“Before I die I want to know a perfect day.”
Read in December 2019
This review will include spoilers.
Also, I don’t usually do trigger warnings, but I really feel like this one might be needed. TW: suicidal thoughts, self-harm, death, suicide, mental illness, car accident, loss, and grief.
All the Bright Places left me a weird feeling that lasted for at least a few days, it made me feel uneasy and kind of numb. I already know in advance how hard it will be for me to write a proper review and it’ll be definitely difficult to put words on those feelings. Let’s start with why I decided to read it in the first place. This book is one of those that have been on my TBR the longest, and for 2020 I challenged myself to read those which I added before 2016, which was the case for that one. Also, I knew this book was adapted into a movie and it is going to be released on Netflix in the next few weeks. You may already know this, but I prefer reading a book before watching the movie, therefore, here we are.
“The problem with people is they forget that most of the time it’s the small things that count.”
Theodore Finch is a teenager who is fascinated by death and regularly thinks about his mortality and about all the ways he could end his own life. He is living in an extremely unstable situation, with all the members of his family being are physically or morally abusive. It made me super sad to read about his mother’s negligence, his father’s violence, and I have to say that he didn’t have the family foundation he needed to get a good start in life. Theodore is always alone at school and he is often targeted by bullies, which doesn’t help with his gloom. It later comes to light that Theodore has bipolar disorder, so he was doomed to suffer shifts in mood and chronic depressive episodes.
Violet Markey, on the surface, is quite the opposite. She comes from a loving family, has stellar grades, is liked and appreciated by her schoolmates. She has many friends, some of them are those same bullies that harass Theodore Finch. However, Violet’s sister died in a car accident a year ago and Violet is overwhelmed with unbearable grief. Her whole life has been turned around, she stopped posting on their joint blog, all her college plans now seem pointless. She is waiting for graduation to finally be able to leave Indiana where everything reminds her of her sister.
“I have this feeling, like I’m waiting for something. But I have no idea what.”
Violet and Theodore first meet on the ledge of the bell tower at school. Both of them came up there for different reasons. For Theodore, this height is the synonym of how he is able to control his life, how he is still living because he decided to not jump. Violet was actually considering to end her life and finally join her sister. Theodore saved Violet’s life, even though it seemed unlikely for most students, but in order to save face, they both pretend that she was the one who saved him. Soon after this event, they are paired up for a school project about discovering Indiana’s natural wonders. As their feelings for each other begin to grow, their wandering is leading them on the path of recovery.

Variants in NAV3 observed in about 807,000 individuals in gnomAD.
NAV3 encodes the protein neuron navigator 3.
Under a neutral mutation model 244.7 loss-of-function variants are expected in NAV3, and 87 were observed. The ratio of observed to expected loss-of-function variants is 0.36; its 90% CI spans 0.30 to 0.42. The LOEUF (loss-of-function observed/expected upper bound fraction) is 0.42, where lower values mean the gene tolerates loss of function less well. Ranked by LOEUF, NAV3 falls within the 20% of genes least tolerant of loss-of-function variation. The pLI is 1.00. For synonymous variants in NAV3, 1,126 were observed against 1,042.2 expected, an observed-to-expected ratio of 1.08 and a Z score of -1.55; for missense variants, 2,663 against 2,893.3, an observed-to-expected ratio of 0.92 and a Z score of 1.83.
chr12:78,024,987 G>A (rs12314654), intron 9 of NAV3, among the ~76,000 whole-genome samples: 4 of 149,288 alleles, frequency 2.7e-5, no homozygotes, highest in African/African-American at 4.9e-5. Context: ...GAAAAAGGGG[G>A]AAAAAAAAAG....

I have to admit that both characters were pretty credible and their pain was so thoroughly described that it was hard to read about. I found the mental health very well written, weirdly because I couldn’t name what was wrong with Theodore until one school advisor puts his finger on it. I feel like if it was subtle enough for me not being able to diagnose it for sure then, it’s probably well written because mental health comes in a multitude of shades. I liked Violet and Theodore’s relationship, with both highs and lows, only able to be themselves when with the other, it was easy to believe. This book wasn’t unnecessarily long, but yet I managed to feel like I had enough information and enough pages of relationship and character development. However, I strongly disliked the ending.
“What a terrible feeling to love someone and not be able to help them.”
I know, you might call me all the names in the world, because I wrote dozens of reviews where I said that the main characters don’t die enough. Like there is a big war and they are so badass that they couldn’t die while still defeating thousands of armed men (hi there, Aelin). I remember complaining at the end of My Heart and Other Black Holes that it made me feel like depression was something light that could be cured overnight by love. Well, it’s probably because the love story wasn’t complex or developed enough. Here I’m very satisfied with how Theodore helped Violet getting better, but not with how Theodore ended.
I understand how living pains Theodore, how every day is a struggle for him, however, I don’t think that he desperately wanted to die either. Also, I don’t understand why he wanted Violet to find new happiness, loving life if he just meant to exit it. He knows how she is struggling to deal with her sister’s death, hell, he helped her to mourn, it makes no sense to me that he would make her endure the pain all over again. Her heartbreak was unnecessary and made me feel like I wasted my time reading this book. I feel like suicide is used as a plot device to add some drama while the rest of the story was beautifully and accurately written. The fact that his death leaves us on a doubt, like “maybe he wanted to die or maybe he wanted to reach the bottom of the Blue Hole” is not respectful of his character development and it is making me so angry.
Have you read or will you read this book?
What did you think about it?